Mice lacking the homeodomain transcription factor Nkx2.2 have diabetes due to arrested differentiation of pancreatic beta cells.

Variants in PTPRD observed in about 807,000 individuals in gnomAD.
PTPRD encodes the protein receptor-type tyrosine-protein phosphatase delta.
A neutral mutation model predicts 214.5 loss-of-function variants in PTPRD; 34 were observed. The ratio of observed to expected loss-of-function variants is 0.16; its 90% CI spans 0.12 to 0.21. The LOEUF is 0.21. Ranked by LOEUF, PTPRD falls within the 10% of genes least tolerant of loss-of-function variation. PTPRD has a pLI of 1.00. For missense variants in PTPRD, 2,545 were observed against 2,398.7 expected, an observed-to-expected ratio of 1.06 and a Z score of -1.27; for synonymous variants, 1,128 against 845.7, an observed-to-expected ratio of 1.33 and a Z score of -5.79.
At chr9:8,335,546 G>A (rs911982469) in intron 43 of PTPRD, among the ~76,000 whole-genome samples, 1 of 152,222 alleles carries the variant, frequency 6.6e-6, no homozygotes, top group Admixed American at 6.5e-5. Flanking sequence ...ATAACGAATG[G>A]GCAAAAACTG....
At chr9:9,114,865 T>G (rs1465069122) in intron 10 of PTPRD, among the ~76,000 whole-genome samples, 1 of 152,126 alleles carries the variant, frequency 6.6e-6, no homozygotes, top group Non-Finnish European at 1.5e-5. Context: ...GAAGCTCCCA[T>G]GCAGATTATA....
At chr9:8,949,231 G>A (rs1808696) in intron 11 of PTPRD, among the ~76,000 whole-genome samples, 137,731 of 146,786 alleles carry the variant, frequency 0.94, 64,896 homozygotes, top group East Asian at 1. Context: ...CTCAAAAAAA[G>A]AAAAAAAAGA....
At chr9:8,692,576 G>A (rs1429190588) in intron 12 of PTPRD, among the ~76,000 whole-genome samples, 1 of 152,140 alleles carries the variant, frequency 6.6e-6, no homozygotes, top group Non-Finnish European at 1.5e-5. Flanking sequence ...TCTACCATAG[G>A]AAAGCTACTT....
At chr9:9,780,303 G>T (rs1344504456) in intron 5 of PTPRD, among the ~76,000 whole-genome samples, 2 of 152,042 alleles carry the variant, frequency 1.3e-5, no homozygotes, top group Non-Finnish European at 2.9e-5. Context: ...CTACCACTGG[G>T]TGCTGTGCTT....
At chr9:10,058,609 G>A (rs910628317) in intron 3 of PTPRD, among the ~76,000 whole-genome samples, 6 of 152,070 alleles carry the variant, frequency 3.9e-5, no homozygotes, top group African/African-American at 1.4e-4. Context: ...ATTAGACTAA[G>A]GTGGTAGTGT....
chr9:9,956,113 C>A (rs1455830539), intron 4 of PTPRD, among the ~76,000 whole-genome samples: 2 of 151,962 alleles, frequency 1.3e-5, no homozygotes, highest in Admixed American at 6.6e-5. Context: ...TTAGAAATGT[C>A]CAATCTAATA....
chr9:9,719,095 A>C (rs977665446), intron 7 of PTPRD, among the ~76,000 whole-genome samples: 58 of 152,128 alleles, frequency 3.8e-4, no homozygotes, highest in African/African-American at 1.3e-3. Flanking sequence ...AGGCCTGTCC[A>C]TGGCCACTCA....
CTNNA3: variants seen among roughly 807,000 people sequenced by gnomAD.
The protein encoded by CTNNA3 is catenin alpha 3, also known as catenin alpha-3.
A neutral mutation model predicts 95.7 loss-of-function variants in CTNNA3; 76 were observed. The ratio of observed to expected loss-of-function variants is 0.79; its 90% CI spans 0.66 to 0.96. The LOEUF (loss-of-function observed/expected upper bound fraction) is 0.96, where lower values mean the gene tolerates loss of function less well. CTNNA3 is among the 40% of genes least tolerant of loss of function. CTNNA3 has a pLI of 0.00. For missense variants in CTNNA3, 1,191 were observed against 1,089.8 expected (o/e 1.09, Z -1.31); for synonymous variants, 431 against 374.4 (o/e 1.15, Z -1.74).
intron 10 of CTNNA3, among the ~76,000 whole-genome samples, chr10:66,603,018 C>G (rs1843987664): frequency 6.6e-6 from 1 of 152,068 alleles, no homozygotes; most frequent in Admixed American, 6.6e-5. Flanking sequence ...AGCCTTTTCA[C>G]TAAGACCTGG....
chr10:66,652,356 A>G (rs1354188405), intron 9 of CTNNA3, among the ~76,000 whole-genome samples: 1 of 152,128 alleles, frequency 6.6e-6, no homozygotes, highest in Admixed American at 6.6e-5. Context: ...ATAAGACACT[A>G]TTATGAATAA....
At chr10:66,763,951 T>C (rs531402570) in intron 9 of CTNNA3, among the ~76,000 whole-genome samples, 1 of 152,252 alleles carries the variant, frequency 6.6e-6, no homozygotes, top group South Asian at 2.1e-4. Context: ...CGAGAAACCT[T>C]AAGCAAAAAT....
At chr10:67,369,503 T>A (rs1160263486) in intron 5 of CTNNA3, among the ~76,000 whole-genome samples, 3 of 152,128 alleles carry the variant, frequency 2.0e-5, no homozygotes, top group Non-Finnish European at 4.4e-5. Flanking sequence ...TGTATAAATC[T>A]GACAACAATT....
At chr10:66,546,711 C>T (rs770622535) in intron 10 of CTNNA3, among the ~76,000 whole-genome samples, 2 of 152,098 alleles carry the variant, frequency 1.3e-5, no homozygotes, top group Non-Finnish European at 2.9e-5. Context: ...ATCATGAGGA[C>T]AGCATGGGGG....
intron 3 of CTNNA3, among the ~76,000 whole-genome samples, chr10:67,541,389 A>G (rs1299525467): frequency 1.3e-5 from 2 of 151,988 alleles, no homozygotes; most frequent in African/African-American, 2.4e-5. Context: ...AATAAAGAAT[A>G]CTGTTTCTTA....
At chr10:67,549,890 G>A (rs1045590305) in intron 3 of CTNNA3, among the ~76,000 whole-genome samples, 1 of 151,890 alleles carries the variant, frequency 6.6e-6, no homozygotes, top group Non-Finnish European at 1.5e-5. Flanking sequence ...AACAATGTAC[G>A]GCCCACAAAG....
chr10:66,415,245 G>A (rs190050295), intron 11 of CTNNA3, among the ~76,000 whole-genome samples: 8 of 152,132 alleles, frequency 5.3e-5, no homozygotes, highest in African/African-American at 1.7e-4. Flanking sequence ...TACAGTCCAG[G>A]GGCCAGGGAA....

The endocrine pancreas is organized into clusters of cells called islets of Langerhans comprising four well-defined cell types: alpha beta, delta and PP cells. While recent genetic studies indicate that islet development depends on the function of an integrated network of transcription factors, the specific roles of these factors in early cell-type specification and differentiation remain elusive. Nkx2.2 is a member of the mammalian NK2 homeobox transcription factor family that is expressed in the ventral CNS and the pancreas. Within the pancreas, we demonstrate that Nkx2.2 is expressed in alpha, beta and PP cells, but not in delta cells. In addition, we show that mice homozygous for a null mutation of Nkx2.2 develop severe hyperglycemia and die shortly after birth. Immunohistochemical analysis reveals that the mutant embryos lack insulin-producing beta cells and have fewer glucagon-producing alpha cells and PP cells. Remarkably, in the mutants there remains a large population of islet cells that do not produce any of the four endocrine hormones. These cells express some beta cell markers, such as islet amyloid polypeptide and Pdx1, but lack other definitive beta cell markers including glucose transporter 2 and Nkx6.1. We propose that Nkx2.2 is required for the final differentiation of pancreatic beta cells, and in its absence, beta cells are trapped in an incompletely differentiated state.
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